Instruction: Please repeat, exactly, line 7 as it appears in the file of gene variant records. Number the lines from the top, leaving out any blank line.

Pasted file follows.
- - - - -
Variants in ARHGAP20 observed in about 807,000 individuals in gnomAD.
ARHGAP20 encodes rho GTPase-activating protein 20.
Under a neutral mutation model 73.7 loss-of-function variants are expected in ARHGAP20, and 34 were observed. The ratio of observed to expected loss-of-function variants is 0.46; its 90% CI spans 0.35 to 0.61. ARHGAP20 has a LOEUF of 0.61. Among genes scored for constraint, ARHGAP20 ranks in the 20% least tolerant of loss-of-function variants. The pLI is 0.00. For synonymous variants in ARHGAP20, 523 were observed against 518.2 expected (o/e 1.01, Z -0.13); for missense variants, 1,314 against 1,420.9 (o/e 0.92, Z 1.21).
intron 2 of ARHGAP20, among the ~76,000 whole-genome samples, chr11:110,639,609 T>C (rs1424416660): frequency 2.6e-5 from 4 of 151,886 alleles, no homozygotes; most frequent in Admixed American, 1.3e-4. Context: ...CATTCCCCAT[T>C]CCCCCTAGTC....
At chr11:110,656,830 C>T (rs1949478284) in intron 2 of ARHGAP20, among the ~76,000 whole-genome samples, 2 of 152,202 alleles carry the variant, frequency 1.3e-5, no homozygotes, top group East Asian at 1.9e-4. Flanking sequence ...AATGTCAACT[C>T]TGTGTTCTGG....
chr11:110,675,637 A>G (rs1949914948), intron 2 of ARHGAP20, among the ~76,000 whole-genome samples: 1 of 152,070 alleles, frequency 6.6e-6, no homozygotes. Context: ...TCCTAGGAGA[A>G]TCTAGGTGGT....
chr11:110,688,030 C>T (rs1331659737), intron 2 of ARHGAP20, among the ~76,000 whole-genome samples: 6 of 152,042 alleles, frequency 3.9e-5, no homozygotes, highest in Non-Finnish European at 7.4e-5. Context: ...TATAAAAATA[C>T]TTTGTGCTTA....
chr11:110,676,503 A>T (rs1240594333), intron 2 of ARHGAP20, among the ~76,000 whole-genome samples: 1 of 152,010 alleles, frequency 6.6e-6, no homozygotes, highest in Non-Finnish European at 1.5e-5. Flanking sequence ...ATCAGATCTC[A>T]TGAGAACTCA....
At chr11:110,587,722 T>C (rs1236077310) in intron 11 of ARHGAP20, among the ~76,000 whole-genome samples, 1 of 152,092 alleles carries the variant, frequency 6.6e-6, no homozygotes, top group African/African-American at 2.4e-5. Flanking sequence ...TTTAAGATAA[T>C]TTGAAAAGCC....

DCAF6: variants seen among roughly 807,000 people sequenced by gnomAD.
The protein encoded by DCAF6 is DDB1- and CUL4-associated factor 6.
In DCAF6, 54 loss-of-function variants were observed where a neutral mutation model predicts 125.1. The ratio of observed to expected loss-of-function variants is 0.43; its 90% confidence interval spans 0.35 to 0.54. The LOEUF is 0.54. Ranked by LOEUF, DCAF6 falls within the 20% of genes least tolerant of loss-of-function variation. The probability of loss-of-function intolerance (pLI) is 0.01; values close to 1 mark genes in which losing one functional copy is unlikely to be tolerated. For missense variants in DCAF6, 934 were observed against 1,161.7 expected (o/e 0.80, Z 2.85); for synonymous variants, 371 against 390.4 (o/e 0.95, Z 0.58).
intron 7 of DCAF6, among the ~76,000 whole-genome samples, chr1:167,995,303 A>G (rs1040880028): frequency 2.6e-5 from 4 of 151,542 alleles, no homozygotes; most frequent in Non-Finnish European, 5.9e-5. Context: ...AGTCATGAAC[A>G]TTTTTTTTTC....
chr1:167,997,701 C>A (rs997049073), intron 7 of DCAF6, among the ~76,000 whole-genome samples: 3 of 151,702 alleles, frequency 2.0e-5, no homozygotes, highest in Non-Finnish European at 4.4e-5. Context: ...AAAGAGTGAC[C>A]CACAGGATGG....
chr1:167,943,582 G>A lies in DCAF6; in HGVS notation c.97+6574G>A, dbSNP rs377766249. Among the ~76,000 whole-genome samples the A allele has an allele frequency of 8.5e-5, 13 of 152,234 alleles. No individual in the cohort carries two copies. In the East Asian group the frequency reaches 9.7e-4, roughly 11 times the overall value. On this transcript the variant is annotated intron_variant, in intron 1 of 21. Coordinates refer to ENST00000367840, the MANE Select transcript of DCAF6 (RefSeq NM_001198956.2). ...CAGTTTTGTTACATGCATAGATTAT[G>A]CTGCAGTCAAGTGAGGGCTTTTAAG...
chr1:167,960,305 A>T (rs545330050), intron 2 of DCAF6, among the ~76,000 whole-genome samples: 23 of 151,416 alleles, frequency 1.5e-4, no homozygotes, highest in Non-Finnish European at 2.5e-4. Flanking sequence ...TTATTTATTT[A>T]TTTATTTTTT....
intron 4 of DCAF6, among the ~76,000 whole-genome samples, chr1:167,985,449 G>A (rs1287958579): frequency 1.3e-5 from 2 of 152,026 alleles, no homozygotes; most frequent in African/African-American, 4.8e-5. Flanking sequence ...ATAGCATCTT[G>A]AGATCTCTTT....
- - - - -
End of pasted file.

chr11:110,688,030 C>T (rs1331659737), intron 2 of ARHGAP20, among the ~76,000 whole-genome samples: 6 of 152,042 alleles, frequency 3.9e-5, no homozygotes, highest in Non-Finnish European at 7.4e-5. Context: ...TATAAAAATA[C>T]TTTGTGCTTA....